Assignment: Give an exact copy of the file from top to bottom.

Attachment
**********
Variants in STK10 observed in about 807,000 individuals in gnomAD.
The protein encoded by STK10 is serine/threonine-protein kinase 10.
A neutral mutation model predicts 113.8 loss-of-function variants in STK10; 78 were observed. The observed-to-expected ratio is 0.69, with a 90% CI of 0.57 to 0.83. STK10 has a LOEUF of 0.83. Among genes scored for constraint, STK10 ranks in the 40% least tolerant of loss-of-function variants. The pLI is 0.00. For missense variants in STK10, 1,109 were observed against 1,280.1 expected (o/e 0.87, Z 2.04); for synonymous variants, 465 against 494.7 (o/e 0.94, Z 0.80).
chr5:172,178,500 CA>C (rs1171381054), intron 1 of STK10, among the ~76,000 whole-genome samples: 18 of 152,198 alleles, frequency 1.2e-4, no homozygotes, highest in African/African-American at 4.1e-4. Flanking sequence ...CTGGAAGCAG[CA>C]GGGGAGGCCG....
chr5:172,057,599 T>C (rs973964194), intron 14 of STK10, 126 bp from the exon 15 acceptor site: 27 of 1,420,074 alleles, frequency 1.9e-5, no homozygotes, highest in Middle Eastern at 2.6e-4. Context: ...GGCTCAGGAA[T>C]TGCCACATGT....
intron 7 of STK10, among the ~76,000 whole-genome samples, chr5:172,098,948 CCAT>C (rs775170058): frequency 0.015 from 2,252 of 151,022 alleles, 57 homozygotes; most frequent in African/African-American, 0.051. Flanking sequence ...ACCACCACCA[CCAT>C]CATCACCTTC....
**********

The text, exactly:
Variants in STK10 observed in about 807,000 individuals in gnomAD.
The protein encoded by STK10 is serine/threonine-protein kinase 10.
A neutral mutation model predicts 113.8 loss-of-function variants in STK10; 78 were observed. The observed-to-expected ratio is 0.69, with a 90% CI of 0.57 to 0.83. STK10 has a LOEUF of 0.83. Among genes scored for constraint, STK10 ranks in the 40% least tolerant of loss-of-function variants. The pLI is 0.00. For missense variants in STK10, 1,109 were observed against 1,280.1 expected (o/e 0.87, Z 2.04); for synonymous variants, 465 against 494.7 (o/e 0.94, Z 0.80).
chr5:172,178,500 CA>C (rs1171381054), intron 1 of STK10, among the ~76,000 whole-genome samples: 18 of 152,198 alleles, frequency 1.2e-4, no homozygotes, highest in African/African-American at 4.1e-4. Flanking sequence ...CTGGAAGCAG[CA>C]GGGGAGGCCG....
chr5:172,057,599 T>C (rs973964194), intron 14 of STK10, 126 bp from the exon 15 acceptor site: 27 of 1,420,074 alleles, frequency 1.9e-5, no homozygotes, highest in Middle Eastern at 2.6e-4. Context: ...GGCTCAGGAA[T>C]TGCCACATGT....
intron 7 of STK10, among the ~76,000 whole-genome samples, chr5:172,098,948 CCAT>C (rs775170058): frequency 0.015 from 2,252 of 151,022 alleles, 57 homozygotes; most frequent in African/African-American, 0.051. Flanking sequence ...ACCACCACCA[CCAT>C]CATCACCTTC....